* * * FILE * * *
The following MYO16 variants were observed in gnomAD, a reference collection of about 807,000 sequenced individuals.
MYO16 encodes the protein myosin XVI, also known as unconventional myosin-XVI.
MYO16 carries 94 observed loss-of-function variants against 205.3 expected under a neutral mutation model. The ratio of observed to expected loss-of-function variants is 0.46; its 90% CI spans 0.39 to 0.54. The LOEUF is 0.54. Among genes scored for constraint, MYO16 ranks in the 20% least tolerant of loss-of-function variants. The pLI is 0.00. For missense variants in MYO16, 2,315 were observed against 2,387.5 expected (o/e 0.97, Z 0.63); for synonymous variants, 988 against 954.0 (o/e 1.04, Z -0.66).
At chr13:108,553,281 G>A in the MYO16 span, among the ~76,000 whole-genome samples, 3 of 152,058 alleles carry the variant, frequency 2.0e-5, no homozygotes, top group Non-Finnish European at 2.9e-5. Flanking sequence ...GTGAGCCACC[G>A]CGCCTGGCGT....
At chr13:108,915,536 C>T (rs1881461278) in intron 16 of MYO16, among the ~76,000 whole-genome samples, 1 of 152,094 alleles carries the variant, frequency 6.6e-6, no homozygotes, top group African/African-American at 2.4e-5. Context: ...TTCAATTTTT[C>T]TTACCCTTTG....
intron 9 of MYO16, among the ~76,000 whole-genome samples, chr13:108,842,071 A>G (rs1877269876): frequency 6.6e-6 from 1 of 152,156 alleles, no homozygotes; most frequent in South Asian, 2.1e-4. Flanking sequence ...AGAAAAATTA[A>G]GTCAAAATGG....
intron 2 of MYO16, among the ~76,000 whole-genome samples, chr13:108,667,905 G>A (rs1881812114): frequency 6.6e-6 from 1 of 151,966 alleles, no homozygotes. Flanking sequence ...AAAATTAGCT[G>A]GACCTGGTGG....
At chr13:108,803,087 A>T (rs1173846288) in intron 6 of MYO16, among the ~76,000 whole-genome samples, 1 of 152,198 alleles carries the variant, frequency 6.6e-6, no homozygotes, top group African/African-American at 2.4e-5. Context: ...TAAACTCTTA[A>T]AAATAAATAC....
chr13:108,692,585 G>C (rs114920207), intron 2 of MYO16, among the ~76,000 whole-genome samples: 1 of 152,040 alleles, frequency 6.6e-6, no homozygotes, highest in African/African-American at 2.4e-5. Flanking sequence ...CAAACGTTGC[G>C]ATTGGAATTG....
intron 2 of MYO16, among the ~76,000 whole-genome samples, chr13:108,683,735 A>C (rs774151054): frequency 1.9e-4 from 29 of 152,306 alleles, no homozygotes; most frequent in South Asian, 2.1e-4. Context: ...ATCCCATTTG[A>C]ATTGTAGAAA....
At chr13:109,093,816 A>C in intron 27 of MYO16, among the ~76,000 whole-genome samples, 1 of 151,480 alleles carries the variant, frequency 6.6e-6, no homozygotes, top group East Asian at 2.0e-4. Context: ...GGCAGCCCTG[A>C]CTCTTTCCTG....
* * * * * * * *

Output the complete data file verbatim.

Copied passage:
The following MYO16 variants were observed in gnomAD, a reference collection of about 807,000 sequenced individuals.
MYO16 encodes the protein myosin XVI, also known as unconventional myosin-XVI.
MYO16 carries 94 observed loss-of-function variants against 205.3 expected under a neutral mutation model. The ratio of observed to expected loss-of-function variants is 0.46; its 90% CI spans 0.39 to 0.54. The LOEUF is 0.54. Among genes scored for constraint, MYO16 ranks in the 20% least tolerant of loss-of-function variants. The pLI is 0.00. For missense variants in MYO16, 2,315 were observed against 2,387.5 expected (o/e 0.97, Z 0.63); for synonymous variants, 988 against 954.0 (o/e 1.04, Z -0.66).
At chr13:108,553,281 G>A in the MYO16 span, among the ~76,000 whole-genome samples, 3 of 152,058 alleles carry the variant, frequency 2.0e-5, no homozygotes, top group Non-Finnish European at 2.9e-5. Flanking sequence ...GTGAGCCACC[G>A]CGCCTGGCGT....
At chr13:108,915,536 C>T (rs1881461278) in intron 16 of MYO16, among the ~76,000 whole-genome samples, 1 of 152,094 alleles carries the variant, frequency 6.6e-6, no homozygotes, top group African/African-American at 2.4e-5. Context: ...TTCAATTTTT[C>T]TTACCCTTTG....
intron 9 of MYO16, among the ~76,000 whole-genome samples, chr13:108,842,071 A>G (rs1877269876): frequency 6.6e-6 from 1 of 152,156 alleles, no homozygotes; most frequent in South Asian, 2.1e-4. Flanking sequence ...AGAAAAATTA[A>G]GTCAAAATGG....
intron 2 of MYO16, among the ~76,000 whole-genome samples, chr13:108,667,905 G>A (rs1881812114): frequency 6.6e-6 from 1 of 151,966 alleles, no homozygotes. Flanking sequence ...AAAATTAGCT[G>A]GACCTGGTGG....
At chr13:108,803,087 A>T (rs1173846288) in intron 6 of MYO16, among the ~76,000 whole-genome samples, 1 of 152,198 alleles carries the variant, frequency 6.6e-6, no homozygotes, top group African/African-American at 2.4e-5. Context: ...TAAACTCTTA[A>T]AAATAAATAC....
chr13:108,692,585 G>C (rs114920207), intron 2 of MYO16, among the ~76,000 whole-genome samples: 1 of 152,040 alleles, frequency 6.6e-6, no homozygotes, highest in African/African-American at 2.4e-5. Flanking sequence ...CAAACGTTGC[G>C]ATTGGAATTG....
intron 2 of MYO16, among the ~76,000 whole-genome samples, chr13:108,683,735 A>C (rs774151054): frequency 1.9e-4 from 29 of 152,306 alleles, no homozygotes; most frequent in South Asian, 2.1e-4. Context: ...ATCCCATTTG[A>C]ATTGTAGAAA....
At chr13:109,093,816 A>C in intron 27 of MYO16, among the ~76,000 whole-genome samples, 1 of 151,480 alleles carries the variant, frequency 6.6e-6, no homozygotes, top group East Asian at 2.0e-4. Context: ...GGCAGCCCTG[A>C]CTCTTTCCTG....